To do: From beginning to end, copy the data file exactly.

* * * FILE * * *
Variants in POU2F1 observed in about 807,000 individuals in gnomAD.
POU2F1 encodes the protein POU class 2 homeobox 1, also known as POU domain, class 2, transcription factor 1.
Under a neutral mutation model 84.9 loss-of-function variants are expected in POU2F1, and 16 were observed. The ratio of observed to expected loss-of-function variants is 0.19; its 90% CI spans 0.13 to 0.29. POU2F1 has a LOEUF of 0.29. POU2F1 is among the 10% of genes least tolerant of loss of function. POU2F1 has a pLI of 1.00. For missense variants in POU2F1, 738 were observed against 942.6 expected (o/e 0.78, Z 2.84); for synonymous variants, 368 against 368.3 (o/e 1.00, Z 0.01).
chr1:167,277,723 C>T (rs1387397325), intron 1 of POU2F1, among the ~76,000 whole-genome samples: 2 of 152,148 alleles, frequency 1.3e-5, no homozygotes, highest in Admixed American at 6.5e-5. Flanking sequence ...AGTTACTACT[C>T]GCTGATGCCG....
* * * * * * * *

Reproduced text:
Variants in POU2F1 observed in about 807,000 individuals in gnomAD.
POU2F1 encodes the protein POU class 2 homeobox 1, also known as POU domain, class 2, transcription factor 1.
Under a neutral mutation model 84.9 loss-of-function variants are expected in POU2F1, and 16 were observed. The ratio of observed to expected loss-of-function variants is 0.19; its 90% CI spans 0.13 to 0.29. POU2F1 has a LOEUF of 0.29. POU2F1 is among the 10% of genes least tolerant of loss of function. POU2F1 has a pLI of 1.00. For missense variants in POU2F1, 738 were observed against 942.6 expected (o/e 0.78, Z 2.84); for synonymous variants, 368 against 368.3 (o/e 1.00, Z 0.01).
chr1:167,277,723 C>T (rs1387397325), intron 1 of POU2F1, among the ~76,000 whole-genome samples: 2 of 152,148 alleles, frequency 1.3e-5, no homozygotes, highest in Admixed American at 6.5e-5. Flanking sequence ...AGTTACTACT[C>T]GCTGATGCCG....